Call it the Chinese taper.
China's holdings of U.S. Treasuries fell by $47.8 billion in December, the biggest one-month drop in two years, according to the latest figures from the U.S. Treasury. China remains the biggest foreign holder of U.S. Treasuries. The decline in its purchases comes at the same time that the Federal Reserve is pulling back on its own purchases of government debt, a withdrawal of stimulus popularly known as tapering.
But other foreign countries are stepping into the breach, pushing the volume of Treasuries held outside the U.S. to a record high. Belgium actually posted an increase in holdings greater than China's decline, while Hong Kong, Ireland, Norway, South Korea and the Netherlands all significantly boosted their holdings as well.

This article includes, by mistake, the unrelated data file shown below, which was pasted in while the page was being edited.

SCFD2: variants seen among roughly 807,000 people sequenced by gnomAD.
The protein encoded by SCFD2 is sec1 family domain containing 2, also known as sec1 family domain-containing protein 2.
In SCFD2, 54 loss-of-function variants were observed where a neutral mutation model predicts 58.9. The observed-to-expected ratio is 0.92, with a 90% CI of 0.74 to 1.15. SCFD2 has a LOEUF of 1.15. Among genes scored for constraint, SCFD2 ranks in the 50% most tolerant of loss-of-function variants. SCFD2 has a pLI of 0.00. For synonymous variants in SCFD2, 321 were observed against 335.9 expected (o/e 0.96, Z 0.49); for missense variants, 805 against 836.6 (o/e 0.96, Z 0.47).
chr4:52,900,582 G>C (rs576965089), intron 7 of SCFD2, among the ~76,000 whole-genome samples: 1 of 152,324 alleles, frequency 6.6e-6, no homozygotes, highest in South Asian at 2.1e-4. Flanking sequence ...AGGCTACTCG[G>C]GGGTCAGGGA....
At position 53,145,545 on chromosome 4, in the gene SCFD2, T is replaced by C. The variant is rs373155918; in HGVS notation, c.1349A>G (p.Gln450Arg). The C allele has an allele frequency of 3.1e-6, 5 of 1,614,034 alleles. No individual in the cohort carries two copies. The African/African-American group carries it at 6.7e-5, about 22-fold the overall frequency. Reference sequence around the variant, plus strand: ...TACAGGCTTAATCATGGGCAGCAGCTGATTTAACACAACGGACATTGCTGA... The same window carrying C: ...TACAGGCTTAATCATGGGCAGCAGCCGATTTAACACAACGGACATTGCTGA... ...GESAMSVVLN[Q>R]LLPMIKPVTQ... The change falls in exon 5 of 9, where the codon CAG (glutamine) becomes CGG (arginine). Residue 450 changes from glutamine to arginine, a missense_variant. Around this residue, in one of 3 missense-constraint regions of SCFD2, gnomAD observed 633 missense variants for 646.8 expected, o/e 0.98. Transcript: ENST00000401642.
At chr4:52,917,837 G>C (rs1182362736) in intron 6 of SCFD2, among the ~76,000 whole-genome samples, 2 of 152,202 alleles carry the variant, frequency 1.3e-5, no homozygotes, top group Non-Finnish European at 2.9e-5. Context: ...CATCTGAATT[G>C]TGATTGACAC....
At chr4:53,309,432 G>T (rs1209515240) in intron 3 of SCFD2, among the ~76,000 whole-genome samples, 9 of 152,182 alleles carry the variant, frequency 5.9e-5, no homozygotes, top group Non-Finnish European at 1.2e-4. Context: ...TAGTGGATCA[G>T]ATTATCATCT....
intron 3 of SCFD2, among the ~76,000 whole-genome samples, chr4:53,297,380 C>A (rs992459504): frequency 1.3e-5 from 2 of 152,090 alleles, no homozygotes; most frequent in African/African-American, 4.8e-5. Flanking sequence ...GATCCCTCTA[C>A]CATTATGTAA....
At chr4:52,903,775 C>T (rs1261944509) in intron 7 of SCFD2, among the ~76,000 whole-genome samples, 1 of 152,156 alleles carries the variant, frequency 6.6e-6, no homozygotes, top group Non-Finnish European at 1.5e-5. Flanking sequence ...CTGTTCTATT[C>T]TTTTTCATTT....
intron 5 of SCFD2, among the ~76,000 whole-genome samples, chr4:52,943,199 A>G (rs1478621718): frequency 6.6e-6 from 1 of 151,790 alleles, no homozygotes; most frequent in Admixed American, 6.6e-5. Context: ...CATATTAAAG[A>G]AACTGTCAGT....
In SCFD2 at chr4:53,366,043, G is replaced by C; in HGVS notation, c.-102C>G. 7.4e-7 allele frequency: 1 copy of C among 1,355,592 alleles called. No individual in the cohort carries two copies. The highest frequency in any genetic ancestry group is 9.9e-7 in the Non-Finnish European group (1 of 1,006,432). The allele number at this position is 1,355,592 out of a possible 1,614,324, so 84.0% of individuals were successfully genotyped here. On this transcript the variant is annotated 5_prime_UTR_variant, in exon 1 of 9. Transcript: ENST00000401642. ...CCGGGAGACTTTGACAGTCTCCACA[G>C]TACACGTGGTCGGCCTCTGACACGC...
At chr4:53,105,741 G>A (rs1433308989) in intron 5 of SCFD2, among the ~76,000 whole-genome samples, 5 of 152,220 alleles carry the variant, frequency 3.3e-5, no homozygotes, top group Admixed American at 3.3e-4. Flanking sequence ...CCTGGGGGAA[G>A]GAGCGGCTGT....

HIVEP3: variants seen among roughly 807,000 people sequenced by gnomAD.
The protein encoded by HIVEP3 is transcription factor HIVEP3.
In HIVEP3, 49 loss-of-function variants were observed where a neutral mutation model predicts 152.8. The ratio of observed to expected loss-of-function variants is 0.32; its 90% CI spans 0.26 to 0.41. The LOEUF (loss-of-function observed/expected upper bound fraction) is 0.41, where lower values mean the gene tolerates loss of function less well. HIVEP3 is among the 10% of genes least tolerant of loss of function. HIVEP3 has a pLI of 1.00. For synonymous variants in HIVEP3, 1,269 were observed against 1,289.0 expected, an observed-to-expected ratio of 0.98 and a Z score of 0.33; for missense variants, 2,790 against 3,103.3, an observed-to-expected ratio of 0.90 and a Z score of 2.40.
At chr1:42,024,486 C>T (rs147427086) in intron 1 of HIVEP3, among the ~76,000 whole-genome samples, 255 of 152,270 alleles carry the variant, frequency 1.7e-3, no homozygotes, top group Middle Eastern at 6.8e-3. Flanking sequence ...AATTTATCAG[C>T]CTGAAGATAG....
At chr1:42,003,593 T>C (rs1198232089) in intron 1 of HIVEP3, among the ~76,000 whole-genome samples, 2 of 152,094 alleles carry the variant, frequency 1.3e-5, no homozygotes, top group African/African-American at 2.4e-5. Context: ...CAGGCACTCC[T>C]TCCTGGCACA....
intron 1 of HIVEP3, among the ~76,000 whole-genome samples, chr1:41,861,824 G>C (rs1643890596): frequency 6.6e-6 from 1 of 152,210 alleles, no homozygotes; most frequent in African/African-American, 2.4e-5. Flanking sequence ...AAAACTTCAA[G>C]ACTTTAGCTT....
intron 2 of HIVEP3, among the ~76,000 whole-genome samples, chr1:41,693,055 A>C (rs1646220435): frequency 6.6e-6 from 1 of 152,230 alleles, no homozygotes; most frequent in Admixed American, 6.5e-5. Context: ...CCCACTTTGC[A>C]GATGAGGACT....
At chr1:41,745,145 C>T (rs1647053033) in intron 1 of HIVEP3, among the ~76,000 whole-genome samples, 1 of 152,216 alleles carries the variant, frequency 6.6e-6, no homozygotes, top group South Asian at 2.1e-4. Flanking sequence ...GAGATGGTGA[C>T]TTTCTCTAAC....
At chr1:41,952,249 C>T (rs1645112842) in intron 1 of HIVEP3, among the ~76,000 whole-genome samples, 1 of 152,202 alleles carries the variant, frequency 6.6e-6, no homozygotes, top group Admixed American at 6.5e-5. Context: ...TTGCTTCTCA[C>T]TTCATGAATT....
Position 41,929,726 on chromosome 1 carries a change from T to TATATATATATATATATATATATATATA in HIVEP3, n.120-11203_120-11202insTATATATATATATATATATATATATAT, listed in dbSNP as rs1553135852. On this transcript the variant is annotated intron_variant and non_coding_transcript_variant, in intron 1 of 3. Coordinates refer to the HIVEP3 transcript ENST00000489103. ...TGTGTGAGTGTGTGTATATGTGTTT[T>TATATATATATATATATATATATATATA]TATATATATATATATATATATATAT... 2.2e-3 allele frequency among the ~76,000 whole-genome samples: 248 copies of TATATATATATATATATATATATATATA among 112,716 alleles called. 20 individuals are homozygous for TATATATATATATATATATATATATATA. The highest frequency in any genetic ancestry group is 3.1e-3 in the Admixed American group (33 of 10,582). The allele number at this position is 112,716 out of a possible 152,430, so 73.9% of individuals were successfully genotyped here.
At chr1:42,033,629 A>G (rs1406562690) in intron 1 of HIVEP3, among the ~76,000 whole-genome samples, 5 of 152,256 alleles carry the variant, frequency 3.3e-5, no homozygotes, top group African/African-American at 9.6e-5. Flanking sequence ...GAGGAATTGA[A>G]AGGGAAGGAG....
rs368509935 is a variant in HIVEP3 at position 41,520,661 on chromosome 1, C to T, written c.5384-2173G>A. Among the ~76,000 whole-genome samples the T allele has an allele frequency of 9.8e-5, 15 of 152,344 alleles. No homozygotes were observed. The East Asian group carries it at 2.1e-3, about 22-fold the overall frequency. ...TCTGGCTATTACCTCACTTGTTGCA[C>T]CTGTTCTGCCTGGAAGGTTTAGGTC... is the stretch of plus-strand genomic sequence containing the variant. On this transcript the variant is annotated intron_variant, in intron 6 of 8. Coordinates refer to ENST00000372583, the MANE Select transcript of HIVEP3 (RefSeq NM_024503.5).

China is clearly trying to diversify its holdings of foreign government debt, and it will likely make fewer purchases of U.S. Treasuries going forward, Nick Stamenkovic, fixed income strategist at RIA Capital Markets in Edinburgh.
"If the U.S. can't rely on China to be the biggest holder, it might mean than yields have to rise," he said. He expects the yields on the benchmark 10-year Treasury, now at 2.71%, to rise nearly 1 percentage point by the end of the year due to the pullback in purchases by both the Fed and China.
But Stamenkovic said he doesn't see China dumping large quantities of Treasuries on the market. He said there will probably still be months ahead when China's holdings of Treasuries increase once again.
"I'd be very surprised if this is a long-term trend," he said, "but the size of the move [in December] certainly caught the markets off guard."